Backfire

By: Catherine Coulter

To my splendid other half, Anton, with your sharp brain and, thankfully, ultimate knowledge of all things medical





ACKNOWLEDGMENTS

I would like to thank the following consummate professionals for their infinite kindness and patience in making Backfire richer, and, super-important, accurate. Thank you all so very much for coming into my life. I worship at your feet.

Let me add that if there are any factual goofs in the book, it’s my fault. I mean, I’d like to blame someone else, but alas, it’s on my head.

Deputy U.S. Marshal Dave Key—your experiences and exploits are amazing. Perhaps even more amazing is that you’re still alive and smiling and ready to take on more.

Marshal Donald O’Keefe, U.S. Department of Justice, U.S. Marshals Service, Northern District of California—El Jefe, your willingness to provide me with everything I needed is appreciated.

Chief Judge James Ware, U.S. District Court for the Northern District of California—you are thoughtful, eloquent, and you answered every one of my crazy questions, and even some I hadn’t thought of.

Ms. Uyen Trinh, judicial assistant for Chief Judge James Ware—you are the great facilitator. I appreciate all your assistance and your wonderful enthusiasm for my books.

Lieutenant Donald Wick, Marin County Sheriff Department—I was told you were The Man, and I find I must agree. You added richness and verisimilitude to the Marin County scenes.

Ms. Angela Bell, FBI Office of Public Affairs, Hoover Building, Washington, D.C.—thank you for your plot-saving idea to get the letter into the lobby of the Hoover Building without breaking any rules, and for telling me the CAU moved to the third floor.

Mr. Alexander DeAngelis, director, China Office, National Science Foundation—I’m not just saying this because you’re my brother-in-law. Your brain and succinct insights are a pleasure to behold. Thank you for providing me accuracy in all things Chinese.




Sea Cliff, San Francisco

Late Thursday night

One week before Thanksgiving

Judge Ramsey Hunt listened to the lapping water break against the rocks below, a sound that always brought him back into himself and centered him. He stood at this exact spot every night and listened to the waves, as unending and as infinite as he knew he wasn’t. Only the sound of the waves, he thought. Otherwise, it was dead silent, not even a distant foghorn blast from the huge cargo ship that was nearing the Golden Gate through a veil of low-lying fog.

A light breeze ruffled the tree leaves and put a light chop on the ocean below. It was chilly tonight. He was glad Molly had tossed him his leather jacket on his way out. A week before Thanksgiving, he thought, a week before he would preside over the turkey carving and feel so blessed he’d want to sing, which, thankfully, he wouldn’t.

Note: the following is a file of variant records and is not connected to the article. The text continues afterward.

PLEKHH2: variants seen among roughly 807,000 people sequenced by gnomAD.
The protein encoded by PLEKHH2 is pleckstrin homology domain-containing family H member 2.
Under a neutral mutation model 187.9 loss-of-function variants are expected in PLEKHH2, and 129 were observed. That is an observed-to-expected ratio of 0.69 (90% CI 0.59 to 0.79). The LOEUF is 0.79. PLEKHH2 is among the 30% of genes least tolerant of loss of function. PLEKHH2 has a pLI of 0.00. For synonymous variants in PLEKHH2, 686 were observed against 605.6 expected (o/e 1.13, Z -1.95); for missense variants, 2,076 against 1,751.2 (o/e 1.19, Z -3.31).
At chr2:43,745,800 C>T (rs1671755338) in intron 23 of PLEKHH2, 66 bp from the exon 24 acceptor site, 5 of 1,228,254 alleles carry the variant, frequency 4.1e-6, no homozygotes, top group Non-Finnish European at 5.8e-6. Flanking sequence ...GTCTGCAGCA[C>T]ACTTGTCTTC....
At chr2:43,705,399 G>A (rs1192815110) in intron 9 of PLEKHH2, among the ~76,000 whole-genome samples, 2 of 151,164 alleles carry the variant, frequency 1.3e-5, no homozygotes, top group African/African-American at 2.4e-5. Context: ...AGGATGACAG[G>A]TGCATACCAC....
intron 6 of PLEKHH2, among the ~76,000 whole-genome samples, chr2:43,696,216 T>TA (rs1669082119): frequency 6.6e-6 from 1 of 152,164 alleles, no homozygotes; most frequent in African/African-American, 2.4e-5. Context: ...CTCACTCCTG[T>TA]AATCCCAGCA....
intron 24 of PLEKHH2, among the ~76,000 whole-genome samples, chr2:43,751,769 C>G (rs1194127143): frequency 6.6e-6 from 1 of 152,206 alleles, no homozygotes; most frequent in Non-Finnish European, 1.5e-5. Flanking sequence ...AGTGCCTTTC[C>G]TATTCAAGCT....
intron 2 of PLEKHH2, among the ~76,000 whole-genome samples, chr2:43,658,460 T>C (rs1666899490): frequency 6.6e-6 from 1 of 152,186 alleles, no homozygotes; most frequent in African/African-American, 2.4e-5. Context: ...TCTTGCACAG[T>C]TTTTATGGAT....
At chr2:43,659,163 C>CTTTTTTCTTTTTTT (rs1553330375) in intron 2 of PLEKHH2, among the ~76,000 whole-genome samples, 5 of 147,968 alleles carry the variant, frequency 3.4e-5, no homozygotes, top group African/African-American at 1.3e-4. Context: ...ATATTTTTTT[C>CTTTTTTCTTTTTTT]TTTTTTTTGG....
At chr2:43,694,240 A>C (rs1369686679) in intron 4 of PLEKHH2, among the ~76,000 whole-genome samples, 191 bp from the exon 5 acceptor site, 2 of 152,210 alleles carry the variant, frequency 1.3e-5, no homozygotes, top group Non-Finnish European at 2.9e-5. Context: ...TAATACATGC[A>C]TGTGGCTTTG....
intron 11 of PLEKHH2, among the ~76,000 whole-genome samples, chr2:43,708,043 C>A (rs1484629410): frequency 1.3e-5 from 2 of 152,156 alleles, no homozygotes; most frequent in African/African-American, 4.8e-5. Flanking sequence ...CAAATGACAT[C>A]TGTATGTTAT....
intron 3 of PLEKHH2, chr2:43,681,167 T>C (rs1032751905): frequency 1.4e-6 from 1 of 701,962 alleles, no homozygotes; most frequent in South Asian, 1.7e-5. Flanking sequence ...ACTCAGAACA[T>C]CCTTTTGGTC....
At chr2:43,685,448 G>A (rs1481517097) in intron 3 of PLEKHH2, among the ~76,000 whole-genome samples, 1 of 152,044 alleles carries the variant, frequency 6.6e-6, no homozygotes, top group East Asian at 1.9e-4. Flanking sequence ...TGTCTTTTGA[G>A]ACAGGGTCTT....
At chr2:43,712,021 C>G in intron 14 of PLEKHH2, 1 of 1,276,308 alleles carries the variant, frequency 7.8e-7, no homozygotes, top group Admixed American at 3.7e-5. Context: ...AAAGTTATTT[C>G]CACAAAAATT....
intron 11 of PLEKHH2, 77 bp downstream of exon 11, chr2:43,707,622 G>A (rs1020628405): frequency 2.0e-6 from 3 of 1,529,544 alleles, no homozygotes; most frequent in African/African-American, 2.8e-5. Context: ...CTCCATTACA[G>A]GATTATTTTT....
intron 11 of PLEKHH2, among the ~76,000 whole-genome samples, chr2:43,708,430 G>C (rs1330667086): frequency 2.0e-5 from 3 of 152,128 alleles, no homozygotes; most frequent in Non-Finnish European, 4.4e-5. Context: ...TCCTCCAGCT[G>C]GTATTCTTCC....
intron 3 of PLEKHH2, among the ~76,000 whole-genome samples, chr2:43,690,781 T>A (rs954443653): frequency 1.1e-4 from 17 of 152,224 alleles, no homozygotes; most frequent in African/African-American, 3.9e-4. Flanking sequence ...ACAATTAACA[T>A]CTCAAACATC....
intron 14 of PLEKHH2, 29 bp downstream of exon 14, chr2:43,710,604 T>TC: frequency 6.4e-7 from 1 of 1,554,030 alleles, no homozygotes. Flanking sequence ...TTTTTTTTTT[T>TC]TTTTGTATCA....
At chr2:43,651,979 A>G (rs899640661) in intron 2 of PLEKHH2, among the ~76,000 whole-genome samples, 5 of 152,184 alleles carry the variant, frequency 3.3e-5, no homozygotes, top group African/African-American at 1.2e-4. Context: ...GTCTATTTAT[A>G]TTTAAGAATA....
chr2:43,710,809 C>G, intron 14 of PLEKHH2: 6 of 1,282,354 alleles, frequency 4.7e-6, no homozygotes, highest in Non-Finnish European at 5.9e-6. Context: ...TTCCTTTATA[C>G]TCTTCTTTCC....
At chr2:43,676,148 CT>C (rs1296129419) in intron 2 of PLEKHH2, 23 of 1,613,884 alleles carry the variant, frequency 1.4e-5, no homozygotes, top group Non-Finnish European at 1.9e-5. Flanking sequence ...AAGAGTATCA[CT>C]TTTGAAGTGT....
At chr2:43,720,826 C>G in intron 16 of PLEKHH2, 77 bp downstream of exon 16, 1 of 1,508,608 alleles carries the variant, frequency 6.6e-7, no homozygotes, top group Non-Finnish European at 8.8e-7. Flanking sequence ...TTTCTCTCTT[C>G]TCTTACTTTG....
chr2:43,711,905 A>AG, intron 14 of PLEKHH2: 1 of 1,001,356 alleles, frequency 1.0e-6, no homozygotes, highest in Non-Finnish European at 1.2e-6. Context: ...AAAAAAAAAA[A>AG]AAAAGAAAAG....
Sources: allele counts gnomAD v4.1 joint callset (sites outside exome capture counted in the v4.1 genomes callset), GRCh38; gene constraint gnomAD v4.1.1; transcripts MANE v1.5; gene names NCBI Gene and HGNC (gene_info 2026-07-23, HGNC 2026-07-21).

Ramsey looked up at the low-hanging half-moon that seemed cold and alien tonight. His ever-curious son, Cal, had asked him if he could sink his fingers into the pitted surface. Would it be hard, like his wooden Ford truck, he wondered, or soft like ice cream?

At least his day had ended well. In the late afternoon, he’d met Molly and the twins at Davies Hall to hear Emma rehearse Gershwin’s Rhapsody in Blue with the San Francisco Symphony, smiling and nodding as they listened. Ramsey had long thought of her as his own daughter, and here she was, a prodigy, of all things. He had to be careful or he’d burst with pride, Molly always said. Remarkably, Cal and Gage hadn’t raised too much of a fuss at having to sit still during the rehearsal. Well, Cal did yell out once, “Emmy, I want you to play ‘Twinkle Twinkle Little Star’!” which had brought warm laughter from the violin section.

They’d enjoyed enchiladas and tacos an hour later at La Barca, the family’s favorite Mexican restaurant on Lombard, always an adventure when the three-year-old twins were anywhere near chips and guacamole.

Ramsey rested his elbows on the solid stone fence built when his boys had reached the age of exploration a year and a half ago. Better than nightmares about them tumbling off the sixty-foot cliff into the mess of rocks and water below.

He looked out across the entrance to the bay at the Marin Headlands, as stark and barren as the half-moon above them. Soon the winter rains would begin to green things up, as green as Ireland in some years, his second favorite place on earth after San Francisco. It was a blessing that this incredible stretch was all a national recreational area so he would never have to look at some guy sipping a nice fruity Chardonnay across from him on a condo balcony. He noticed a Zodiac sitting anchored below him, nearly as still as a small island in the ocean. There were no other boats around it that he could see. Who would be out so late, anchored in open water? He saw no one aboard, and for a moment, he felt alarmed. Had someone fallen overboard? No, whoever motored over in the Zodiac could easily have swum or waded to the narrow beach. But why? Not to get a suntan, that’s for sure. He wondered if he should call 911 when he heard Molly open the family room door behind him. “Goodness, it’s cold out here. I’m glad you’re wearing your jacket. Is your favorite sea lion talking to you again?”

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